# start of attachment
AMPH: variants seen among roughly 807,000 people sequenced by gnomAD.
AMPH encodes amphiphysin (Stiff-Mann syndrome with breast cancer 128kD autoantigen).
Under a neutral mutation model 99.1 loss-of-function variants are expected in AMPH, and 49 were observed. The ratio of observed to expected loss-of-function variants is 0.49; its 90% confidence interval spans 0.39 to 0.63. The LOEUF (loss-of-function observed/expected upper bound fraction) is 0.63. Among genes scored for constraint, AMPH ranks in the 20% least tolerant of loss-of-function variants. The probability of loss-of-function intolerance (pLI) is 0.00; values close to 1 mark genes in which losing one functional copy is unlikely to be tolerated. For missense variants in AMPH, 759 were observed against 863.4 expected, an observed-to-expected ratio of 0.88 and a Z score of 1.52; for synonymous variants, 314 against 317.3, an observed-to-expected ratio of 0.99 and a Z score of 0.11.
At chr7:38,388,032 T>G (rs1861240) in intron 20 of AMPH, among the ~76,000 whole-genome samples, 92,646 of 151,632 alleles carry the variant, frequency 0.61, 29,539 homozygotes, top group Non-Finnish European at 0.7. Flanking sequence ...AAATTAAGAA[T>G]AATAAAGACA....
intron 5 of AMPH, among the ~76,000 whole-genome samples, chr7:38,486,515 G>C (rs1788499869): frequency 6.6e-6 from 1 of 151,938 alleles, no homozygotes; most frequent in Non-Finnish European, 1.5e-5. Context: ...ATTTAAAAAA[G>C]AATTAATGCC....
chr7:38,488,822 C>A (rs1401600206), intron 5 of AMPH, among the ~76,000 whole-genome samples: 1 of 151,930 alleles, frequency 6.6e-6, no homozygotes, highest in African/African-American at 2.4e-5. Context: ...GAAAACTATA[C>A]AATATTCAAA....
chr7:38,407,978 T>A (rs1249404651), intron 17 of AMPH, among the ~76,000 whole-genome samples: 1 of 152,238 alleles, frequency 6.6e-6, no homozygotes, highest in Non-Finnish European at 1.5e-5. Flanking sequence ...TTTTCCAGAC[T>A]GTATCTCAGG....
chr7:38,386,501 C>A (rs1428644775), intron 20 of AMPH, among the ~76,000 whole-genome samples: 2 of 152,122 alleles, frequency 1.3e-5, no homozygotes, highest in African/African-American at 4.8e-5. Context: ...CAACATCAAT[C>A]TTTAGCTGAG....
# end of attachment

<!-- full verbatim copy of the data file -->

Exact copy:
AMPH: variants seen among roughly 807,000 people sequenced by gnomAD.
AMPH encodes amphiphysin (Stiff-Mann syndrome with breast cancer 128kD autoantigen).
Under a neutral mutation model 99.1 loss-of-function variants are expected in AMPH, and 49 were observed. The ratio of observed to expected loss-of-function variants is 0.49; its 90% confidence interval spans 0.39 to 0.63. The LOEUF (loss-of-function observed/expected upper bound fraction) is 0.63. Among genes scored for constraint, AMPH ranks in the 20% least tolerant of loss-of-function variants. The probability of loss-of-function intolerance (pLI) is 0.00; values close to 1 mark genes in which losing one functional copy is unlikely to be tolerated. For missense variants in AMPH, 759 were observed against 863.4 expected, an observed-to-expected ratio of 0.88 and a Z score of 1.52; for synonymous variants, 314 against 317.3, an observed-to-expected ratio of 0.99 and a Z score of 0.11.
At chr7:38,388,032 T>G (rs1861240) in intron 20 of AMPH, among the ~76,000 whole-genome samples, 92,646 of 151,632 alleles carry the variant, frequency 0.61, 29,539 homozygotes, top group Non-Finnish European at 0.7. Flanking sequence ...AAATTAAGAA[T>G]AATAAAGACA....
intron 5 of AMPH, among the ~76,000 whole-genome samples, chr7:38,486,515 G>C (rs1788499869): frequency 6.6e-6 from 1 of 151,938 alleles, no homozygotes; most frequent in Non-Finnish European, 1.5e-5. Context: ...ATTTAAAAAA[G>C]AATTAATGCC....
chr7:38,488,822 C>A (rs1401600206), intron 5 of AMPH, among the ~76,000 whole-genome samples: 1 of 151,930 alleles, frequency 6.6e-6, no homozygotes, highest in African/African-American at 2.4e-5. Context: ...GAAAACTATA[C>A]AATATTCAAA....
chr7:38,407,978 T>A (rs1249404651), intron 17 of AMPH, among the ~76,000 whole-genome samples: 1 of 152,238 alleles, frequency 6.6e-6, no homozygotes, highest in Non-Finnish European at 1.5e-5. Flanking sequence ...TTTTCCAGAC[T>A]GTATCTCAGG....
chr7:38,386,501 C>A (rs1428644775), intron 20 of AMPH, among the ~76,000 whole-genome samples: 2 of 152,122 alleles, frequency 1.3e-5, no homozygotes, highest in African/African-American at 4.8e-5. Context: ...CAACATCAAT[C>A]TTTAGCTGAG....